Evil is opposed to being, therefore the devil does not exist and the 'sinner, the son of the devil, is nothing'. Every creature is something finite, limited, distinct and particular, and this is no longer love. But God is the love that embraces all things.
To attain God one must abandon oneself. Never has a man abandoned himself so much in this life that he did not find room to abandon himself still more.
I take a basin with water and place a mirror into
it and stand it under the sun. Thus it is also with God and
the soul which reflects God yet which does not take from
Under the Godfriends page on your site and at the bottom of the essay on Eckhart you have the words:
"Meister Eckhart's teachings were examined for heresy, because of their 'subtlety'. Like John Wyclif he was allowed to die rather than be executed."
Ursula Fleming, the founder of the Eckhart Society, persuaded a group of prominent people within the Dominican Order and outside it to request the General Chapter of the Dominican order which met in Walberburg 'to examine the possibility of issuing an official declaration of Orthodoxy of Meister Eckhart and rescinding the condemnation of some of his teaching contained in the Papal Bull "In agro dominico 27 March 1329."'
In 1983 The Master of the Order instituted the Eckhart Commission.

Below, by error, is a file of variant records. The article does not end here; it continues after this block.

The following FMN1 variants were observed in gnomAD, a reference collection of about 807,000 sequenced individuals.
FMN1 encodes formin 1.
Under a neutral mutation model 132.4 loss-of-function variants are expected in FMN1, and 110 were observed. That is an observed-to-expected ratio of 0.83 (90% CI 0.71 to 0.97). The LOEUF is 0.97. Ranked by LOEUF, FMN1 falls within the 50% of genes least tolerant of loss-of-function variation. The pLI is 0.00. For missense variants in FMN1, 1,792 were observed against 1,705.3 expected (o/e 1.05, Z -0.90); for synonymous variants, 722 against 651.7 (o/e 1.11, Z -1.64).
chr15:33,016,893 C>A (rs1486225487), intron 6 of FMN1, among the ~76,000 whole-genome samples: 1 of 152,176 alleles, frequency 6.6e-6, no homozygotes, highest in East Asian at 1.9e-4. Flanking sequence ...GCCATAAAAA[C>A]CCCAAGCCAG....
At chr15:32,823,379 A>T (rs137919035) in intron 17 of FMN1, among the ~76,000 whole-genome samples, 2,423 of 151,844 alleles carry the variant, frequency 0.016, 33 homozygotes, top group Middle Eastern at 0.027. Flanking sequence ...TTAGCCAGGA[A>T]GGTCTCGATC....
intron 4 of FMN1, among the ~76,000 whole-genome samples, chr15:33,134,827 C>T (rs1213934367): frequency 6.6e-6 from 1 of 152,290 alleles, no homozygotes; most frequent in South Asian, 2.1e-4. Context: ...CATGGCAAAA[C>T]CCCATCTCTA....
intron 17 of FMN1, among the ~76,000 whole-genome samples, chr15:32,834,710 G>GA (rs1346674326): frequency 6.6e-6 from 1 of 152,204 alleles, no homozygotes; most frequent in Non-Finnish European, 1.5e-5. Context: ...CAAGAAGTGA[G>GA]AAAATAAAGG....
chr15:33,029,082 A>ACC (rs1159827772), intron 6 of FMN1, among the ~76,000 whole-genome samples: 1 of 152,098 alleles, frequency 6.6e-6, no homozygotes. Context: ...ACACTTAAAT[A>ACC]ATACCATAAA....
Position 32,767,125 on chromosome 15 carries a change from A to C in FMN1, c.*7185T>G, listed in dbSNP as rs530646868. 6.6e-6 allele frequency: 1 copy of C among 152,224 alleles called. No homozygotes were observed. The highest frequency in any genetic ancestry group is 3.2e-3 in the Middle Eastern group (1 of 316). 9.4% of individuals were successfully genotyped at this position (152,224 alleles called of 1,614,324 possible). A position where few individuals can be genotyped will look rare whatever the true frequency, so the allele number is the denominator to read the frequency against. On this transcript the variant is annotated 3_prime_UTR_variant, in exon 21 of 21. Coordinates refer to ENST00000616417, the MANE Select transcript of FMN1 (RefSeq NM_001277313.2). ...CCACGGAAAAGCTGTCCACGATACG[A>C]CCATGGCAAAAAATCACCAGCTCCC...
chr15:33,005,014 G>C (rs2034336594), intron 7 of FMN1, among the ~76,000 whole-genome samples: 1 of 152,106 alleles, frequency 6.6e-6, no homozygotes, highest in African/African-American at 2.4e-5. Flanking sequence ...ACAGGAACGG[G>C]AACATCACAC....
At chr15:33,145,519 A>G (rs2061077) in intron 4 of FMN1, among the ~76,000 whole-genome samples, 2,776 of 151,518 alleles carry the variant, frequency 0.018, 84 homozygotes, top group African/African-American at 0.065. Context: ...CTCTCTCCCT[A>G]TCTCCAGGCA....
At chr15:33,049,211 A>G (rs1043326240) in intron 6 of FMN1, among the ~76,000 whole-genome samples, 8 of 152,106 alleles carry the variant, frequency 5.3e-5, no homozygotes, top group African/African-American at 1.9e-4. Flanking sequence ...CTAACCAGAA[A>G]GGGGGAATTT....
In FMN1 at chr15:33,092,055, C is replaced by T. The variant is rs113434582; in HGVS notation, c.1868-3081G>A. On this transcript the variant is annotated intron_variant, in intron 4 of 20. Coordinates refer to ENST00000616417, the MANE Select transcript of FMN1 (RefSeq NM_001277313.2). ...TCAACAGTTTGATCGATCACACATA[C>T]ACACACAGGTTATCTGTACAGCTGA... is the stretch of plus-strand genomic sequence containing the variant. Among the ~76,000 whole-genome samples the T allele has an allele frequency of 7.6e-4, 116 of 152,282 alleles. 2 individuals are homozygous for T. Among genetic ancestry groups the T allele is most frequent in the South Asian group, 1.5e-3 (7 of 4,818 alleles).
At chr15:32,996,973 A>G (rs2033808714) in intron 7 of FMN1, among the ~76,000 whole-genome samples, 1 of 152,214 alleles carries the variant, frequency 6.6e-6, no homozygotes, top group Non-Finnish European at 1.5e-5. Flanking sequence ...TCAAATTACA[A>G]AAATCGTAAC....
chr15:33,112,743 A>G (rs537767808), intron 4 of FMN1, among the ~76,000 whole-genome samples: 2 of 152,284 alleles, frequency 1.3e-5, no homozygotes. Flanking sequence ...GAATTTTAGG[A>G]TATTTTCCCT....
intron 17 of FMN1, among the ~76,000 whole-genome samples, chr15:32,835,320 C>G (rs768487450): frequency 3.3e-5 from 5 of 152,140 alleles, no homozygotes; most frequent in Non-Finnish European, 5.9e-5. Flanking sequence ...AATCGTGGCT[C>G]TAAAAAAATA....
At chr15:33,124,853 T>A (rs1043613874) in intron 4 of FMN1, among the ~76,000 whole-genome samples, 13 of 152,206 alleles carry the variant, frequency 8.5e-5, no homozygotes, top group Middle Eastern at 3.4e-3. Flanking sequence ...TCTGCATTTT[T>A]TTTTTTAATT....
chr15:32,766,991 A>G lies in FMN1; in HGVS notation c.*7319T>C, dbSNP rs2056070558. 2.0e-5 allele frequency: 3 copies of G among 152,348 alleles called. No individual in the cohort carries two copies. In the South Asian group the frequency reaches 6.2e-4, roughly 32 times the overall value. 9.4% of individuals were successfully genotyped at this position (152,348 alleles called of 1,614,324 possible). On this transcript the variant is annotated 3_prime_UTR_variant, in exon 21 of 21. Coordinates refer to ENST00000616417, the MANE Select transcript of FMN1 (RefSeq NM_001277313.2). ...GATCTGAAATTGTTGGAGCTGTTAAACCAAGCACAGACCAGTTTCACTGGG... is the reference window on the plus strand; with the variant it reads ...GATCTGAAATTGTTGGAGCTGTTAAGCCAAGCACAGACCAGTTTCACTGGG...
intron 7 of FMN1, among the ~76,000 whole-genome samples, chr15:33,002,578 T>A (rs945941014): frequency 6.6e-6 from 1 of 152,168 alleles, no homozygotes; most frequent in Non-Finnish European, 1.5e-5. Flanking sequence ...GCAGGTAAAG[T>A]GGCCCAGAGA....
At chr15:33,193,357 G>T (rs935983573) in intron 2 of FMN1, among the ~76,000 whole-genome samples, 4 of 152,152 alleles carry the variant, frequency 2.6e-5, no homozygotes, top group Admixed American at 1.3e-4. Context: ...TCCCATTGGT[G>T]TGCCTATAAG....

In 1986 the commission reported back saying that a reconsideration of the teaching of Meister Eckhart was justified. It also said that Eckhart does not need rehabilitation in the canonical sense of the word, since his person, his doctrine, his apostolate or his spirituality were not really condemned.
Although no reconsideration of Eckhart's teaching has been formally undertaken by the Holy See, the present Pope, in 1987 at an important audience, strongly recommended Eckhart's teaching.
Another story tells of how the Friends of God visited Pope Gregory XI in 1377 to plead for peace in Christendom, at the same time that St Birgitta made that plea and in whose writings the term 'Friends of God' is very frequently used. The 'Friends of God' gained entry through offering a most beautiful Swiss clock to the Pope. (Was it the prototype for Henry Suso 's 'Computer of Wisdom'?) Both the Delegation of the Friends of God and St Birgitta accurately prophesied the Pope's death of 1378. These Friends of God also attempted, but failed, to establish a monastery for themselves, called Gruenenworth.